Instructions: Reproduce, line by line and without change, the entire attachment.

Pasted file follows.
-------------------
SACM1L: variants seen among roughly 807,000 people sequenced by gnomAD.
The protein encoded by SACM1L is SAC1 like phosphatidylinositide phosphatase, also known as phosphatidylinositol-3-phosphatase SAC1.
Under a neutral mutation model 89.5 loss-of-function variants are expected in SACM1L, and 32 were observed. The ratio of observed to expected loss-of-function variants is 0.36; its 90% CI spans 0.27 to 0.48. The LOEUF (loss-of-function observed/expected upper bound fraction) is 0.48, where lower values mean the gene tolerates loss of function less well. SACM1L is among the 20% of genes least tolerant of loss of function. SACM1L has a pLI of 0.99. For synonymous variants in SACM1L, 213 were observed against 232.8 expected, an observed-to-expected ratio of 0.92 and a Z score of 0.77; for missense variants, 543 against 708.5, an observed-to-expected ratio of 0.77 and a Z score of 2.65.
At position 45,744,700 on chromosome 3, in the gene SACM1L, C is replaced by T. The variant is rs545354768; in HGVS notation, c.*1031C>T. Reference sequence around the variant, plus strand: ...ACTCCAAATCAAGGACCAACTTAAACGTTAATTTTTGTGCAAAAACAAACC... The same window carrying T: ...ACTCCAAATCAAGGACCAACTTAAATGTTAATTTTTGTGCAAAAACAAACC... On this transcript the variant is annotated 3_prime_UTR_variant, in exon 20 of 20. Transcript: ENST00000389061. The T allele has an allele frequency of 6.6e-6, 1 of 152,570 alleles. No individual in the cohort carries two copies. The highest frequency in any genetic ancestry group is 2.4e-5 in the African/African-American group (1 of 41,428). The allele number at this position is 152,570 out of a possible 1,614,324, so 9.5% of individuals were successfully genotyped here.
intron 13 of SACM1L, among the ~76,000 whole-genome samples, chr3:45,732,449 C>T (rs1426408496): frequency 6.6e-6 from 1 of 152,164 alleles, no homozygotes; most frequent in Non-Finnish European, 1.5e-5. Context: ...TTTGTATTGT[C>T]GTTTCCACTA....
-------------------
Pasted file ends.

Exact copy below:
SACM1L: variants seen among roughly 807,000 people sequenced by gnomAD.
The protein encoded by SACM1L is SAC1 like phosphatidylinositide phosphatase, also known as phosphatidylinositol-3-phosphatase SAC1.
Under a neutral mutation model 89.5 loss-of-function variants are expected in SACM1L, and 32 were observed. The ratio of observed to expected loss-of-function variants is 0.36; its 90% CI spans 0.27 to 0.48. The LOEUF (loss-of-function observed/expected upper bound fraction) is 0.48, where lower values mean the gene tolerates loss of function less well. SACM1L is among the 20% of genes least tolerant of loss of function. SACM1L has a pLI of 0.99. For synonymous variants in SACM1L, 213 were observed against 232.8 expected, an observed-to-expected ratio of 0.92 and a Z score of 0.77; for missense variants, 543 against 708.5, an observed-to-expected ratio of 0.77 and a Z score of 2.65.
At position 45,744,700 on chromosome 3, in the gene SACM1L, C is replaced by T. The variant is rs545354768; in HGVS notation, c.*1031C>T. Reference sequence around the variant, plus strand: ...ACTCCAAATCAAGGACCAACTTAAACGTTAATTTTTGTGCAAAAACAAACC... The same window carrying T: ...ACTCCAAATCAAGGACCAACTTAAATGTTAATTTTTGTGCAAAAACAAACC... On this transcript the variant is annotated 3_prime_UTR_variant, in exon 20 of 20. Transcript: ENST00000389061. The T allele has an allele frequency of 6.6e-6, 1 of 152,570 alleles. No individual in the cohort carries two copies. The highest frequency in any genetic ancestry group is 2.4e-5 in the African/African-American group (1 of 41,428). The allele number at this position is 152,570 out of a possible 1,614,324, so 9.5% of individuals were successfully genotyped here.
intron 13 of SACM1L, among the ~76,000 whole-genome samples, chr3:45,732,449 C>T (rs1426408496): frequency 6.6e-6 from 1 of 152,164 alleles, no homozygotes; most frequent in Non-Finnish European, 1.5e-5. Context: ...TTTGTATTGT[C>T]GTTTCCACTA....